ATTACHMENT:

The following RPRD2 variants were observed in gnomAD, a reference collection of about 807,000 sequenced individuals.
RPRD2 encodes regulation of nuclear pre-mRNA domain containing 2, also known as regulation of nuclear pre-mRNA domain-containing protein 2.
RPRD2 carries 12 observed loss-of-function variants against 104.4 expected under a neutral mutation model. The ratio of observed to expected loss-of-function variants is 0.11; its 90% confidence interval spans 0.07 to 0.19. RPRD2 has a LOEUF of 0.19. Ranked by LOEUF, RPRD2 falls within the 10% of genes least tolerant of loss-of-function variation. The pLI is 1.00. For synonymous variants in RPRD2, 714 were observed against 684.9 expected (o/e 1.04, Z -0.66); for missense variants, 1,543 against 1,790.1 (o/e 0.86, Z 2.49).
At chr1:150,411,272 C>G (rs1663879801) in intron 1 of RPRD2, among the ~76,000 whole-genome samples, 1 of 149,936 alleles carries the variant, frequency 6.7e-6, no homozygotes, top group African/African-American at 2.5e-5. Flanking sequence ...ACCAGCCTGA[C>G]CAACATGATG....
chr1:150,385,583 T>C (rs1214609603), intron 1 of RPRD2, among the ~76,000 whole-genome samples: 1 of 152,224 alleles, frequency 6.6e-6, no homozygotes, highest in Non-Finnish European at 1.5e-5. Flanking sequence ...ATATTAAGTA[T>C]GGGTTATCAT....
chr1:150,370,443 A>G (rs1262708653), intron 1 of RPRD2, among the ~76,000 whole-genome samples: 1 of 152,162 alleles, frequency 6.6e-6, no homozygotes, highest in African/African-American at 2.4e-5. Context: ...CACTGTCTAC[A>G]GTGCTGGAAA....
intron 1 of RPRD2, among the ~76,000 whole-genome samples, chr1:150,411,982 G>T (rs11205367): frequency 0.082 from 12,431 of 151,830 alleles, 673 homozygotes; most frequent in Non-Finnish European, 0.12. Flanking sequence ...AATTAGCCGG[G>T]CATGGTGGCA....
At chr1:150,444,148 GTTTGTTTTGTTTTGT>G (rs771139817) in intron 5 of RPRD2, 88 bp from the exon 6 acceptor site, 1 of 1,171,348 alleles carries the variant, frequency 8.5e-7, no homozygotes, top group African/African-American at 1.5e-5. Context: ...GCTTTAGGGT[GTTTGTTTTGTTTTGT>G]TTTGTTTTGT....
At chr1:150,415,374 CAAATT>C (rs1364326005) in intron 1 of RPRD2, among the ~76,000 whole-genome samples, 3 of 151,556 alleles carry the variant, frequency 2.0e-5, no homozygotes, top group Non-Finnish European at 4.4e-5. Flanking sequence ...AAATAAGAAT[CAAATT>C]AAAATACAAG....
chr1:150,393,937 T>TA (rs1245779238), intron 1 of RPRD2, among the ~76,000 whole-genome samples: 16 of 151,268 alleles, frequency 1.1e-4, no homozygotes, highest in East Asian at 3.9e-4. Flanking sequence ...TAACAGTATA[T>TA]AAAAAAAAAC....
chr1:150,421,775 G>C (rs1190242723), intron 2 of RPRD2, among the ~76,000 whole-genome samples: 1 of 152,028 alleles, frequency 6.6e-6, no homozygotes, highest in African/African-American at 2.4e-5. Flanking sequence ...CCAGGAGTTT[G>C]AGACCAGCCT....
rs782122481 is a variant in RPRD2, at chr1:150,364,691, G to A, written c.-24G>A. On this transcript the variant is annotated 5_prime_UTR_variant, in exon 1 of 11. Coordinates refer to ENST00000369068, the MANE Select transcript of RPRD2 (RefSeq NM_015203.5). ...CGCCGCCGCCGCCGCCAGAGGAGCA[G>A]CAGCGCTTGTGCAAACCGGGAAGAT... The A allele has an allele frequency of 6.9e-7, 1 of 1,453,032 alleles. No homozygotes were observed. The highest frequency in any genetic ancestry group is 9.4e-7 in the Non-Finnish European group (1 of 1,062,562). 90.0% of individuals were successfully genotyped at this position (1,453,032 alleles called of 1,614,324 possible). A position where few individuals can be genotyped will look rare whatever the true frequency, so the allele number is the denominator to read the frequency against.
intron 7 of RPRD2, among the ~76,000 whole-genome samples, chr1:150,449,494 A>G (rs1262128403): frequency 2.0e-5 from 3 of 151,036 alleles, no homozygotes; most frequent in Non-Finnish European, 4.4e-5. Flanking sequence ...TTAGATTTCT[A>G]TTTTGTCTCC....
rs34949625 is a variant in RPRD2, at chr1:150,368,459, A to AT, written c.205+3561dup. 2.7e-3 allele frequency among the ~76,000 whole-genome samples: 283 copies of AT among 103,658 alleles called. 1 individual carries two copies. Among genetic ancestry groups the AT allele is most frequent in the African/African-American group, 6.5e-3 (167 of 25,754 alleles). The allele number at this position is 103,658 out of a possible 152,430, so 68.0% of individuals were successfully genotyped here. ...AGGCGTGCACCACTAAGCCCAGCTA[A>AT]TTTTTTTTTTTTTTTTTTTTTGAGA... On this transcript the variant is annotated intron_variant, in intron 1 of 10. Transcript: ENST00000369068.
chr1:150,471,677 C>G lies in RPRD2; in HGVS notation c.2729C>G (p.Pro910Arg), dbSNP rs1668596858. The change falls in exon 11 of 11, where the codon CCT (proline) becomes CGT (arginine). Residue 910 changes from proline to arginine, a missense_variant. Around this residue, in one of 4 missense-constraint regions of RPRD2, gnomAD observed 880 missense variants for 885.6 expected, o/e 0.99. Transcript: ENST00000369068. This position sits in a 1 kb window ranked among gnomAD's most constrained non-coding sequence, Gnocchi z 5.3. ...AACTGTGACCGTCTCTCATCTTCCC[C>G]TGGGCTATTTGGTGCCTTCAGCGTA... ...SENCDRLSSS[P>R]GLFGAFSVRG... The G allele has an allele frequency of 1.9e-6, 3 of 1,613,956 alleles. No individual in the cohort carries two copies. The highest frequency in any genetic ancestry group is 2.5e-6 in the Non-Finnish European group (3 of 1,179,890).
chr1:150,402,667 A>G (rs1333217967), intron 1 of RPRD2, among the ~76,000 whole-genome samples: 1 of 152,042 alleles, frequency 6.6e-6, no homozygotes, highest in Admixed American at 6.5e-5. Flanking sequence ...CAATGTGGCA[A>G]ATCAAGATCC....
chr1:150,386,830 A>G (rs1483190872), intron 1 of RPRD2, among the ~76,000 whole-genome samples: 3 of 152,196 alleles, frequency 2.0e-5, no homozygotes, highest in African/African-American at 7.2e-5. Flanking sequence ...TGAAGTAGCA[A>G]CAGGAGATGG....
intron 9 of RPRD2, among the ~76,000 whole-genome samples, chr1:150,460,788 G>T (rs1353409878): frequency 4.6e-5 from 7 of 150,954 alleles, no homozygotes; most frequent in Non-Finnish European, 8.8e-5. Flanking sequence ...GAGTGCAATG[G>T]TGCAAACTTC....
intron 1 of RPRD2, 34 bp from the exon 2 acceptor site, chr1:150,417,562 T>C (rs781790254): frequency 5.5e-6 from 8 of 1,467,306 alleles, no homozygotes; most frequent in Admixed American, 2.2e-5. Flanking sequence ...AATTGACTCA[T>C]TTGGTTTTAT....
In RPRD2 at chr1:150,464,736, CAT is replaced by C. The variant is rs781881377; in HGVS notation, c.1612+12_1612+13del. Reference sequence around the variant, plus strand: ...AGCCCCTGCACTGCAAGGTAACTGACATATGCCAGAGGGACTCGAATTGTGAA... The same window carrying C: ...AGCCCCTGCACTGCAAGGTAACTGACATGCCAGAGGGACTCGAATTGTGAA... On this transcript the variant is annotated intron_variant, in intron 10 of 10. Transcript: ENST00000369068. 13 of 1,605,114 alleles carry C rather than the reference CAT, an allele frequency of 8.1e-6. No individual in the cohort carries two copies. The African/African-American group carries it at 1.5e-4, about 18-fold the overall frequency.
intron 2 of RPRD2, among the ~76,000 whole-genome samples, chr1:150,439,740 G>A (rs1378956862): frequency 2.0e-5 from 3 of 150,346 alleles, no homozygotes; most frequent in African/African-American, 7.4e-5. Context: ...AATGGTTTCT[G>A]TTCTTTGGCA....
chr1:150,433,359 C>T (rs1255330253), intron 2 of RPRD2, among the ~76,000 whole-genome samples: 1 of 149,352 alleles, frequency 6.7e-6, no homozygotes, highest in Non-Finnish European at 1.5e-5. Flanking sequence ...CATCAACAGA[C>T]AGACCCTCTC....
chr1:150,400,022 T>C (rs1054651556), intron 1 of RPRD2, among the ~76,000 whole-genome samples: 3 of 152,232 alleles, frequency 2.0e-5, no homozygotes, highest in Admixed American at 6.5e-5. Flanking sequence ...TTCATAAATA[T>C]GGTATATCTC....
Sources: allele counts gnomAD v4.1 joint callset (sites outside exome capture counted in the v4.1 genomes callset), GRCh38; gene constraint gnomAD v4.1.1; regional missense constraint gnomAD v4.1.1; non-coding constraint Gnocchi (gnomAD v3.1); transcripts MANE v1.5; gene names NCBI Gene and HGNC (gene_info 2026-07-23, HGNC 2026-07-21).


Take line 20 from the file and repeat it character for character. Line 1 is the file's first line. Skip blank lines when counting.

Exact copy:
In RPRD2 at chr1:150,464,736, CAT is replaced by C. The variant is rs781881377; in HGVS notation, c.1612+12_1612+13del. Reference sequence around the variant, plus strand: ...AGCCCCTGCACTGCAAGGTAACTGACATATGCCAGAGGGACTCGAATTGTGAA... The same window carrying C: ...AGCCCCTGCACTGCAAGGTAACTGACATGCCAGAGGGACTCGAATTGTGAA... On this transcript the variant is annotated intron_variant, in intron 10 of 10. Transcript: ENST00000369068. 13 of 1,605,114 alleles carry C rather than the reference CAT, an allele frequency of 8.1e-6. No individual in the cohort carries two copies. The African/African-American group carries it at 1.5e-4, about 18-fold the overall frequency.